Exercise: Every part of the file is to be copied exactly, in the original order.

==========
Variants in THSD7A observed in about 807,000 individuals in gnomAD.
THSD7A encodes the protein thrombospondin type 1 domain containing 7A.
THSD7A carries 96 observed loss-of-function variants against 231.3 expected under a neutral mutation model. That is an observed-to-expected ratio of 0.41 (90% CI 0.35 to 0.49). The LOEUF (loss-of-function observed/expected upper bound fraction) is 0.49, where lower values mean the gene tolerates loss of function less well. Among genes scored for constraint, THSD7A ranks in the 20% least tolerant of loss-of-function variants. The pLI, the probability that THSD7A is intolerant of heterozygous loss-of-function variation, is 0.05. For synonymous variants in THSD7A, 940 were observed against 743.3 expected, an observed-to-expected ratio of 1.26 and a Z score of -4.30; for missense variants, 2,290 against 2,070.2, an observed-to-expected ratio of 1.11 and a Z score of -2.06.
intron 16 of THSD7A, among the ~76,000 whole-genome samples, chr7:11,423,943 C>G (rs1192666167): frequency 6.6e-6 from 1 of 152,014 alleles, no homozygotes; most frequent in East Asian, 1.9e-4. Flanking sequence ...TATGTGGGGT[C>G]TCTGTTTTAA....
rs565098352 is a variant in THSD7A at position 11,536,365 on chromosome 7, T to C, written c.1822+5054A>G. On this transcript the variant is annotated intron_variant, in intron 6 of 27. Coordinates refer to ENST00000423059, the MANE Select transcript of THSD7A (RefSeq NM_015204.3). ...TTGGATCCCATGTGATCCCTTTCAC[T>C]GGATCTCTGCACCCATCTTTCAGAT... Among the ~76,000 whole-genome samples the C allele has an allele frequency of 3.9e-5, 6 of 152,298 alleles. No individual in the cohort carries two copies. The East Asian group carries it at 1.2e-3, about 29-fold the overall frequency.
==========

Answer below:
Variants in THSD7A observed in about 807,000 individuals in gnomAD.
THSD7A encodes the protein thrombospondin type 1 domain containing 7A.
THSD7A carries 96 observed loss-of-function variants against 231.3 expected under a neutral mutation model. That is an observed-to-expected ratio of 0.41 (90% CI 0.35 to 0.49). The LOEUF (loss-of-function observed/expected upper bound fraction) is 0.49, where lower values mean the gene tolerates loss of function less well. Among genes scored for constraint, THSD7A ranks in the 20% least tolerant of loss-of-function variants. The pLI, the probability that THSD7A is intolerant of heterozygous loss-of-function variation, is 0.05. For synonymous variants in THSD7A, 940 were observed against 743.3 expected, an observed-to-expected ratio of 1.26 and a Z score of -4.30; for missense variants, 2,290 against 2,070.2, an observed-to-expected ratio of 1.11 and a Z score of -2.06.
intron 16 of THSD7A, among the ~76,000 whole-genome samples, chr7:11,423,943 C>G (rs1192666167): frequency 6.6e-6 from 1 of 152,014 alleles, no homozygotes; most frequent in East Asian, 1.9e-4. Flanking sequence ...TATGTGGGGT[C>G]TCTGTTTTAA....
rs565098352 is a variant in THSD7A at position 11,536,365 on chromosome 7, T to C, written c.1822+5054A>G. On this transcript the variant is annotated intron_variant, in intron 6 of 27. Coordinates refer to ENST00000423059, the MANE Select transcript of THSD7A (RefSeq NM_015204.3). ...TTGGATCCCATGTGATCCCTTTCAC[T>C]GGATCTCTGCACCCATCTTTCAGAT... Among the ~76,000 whole-genome samples the C allele has an allele frequency of 3.9e-5, 6 of 152,298 alleles. No individual in the cohort carries two copies. The East Asian group carries it at 1.2e-3, about 29-fold the overall frequency.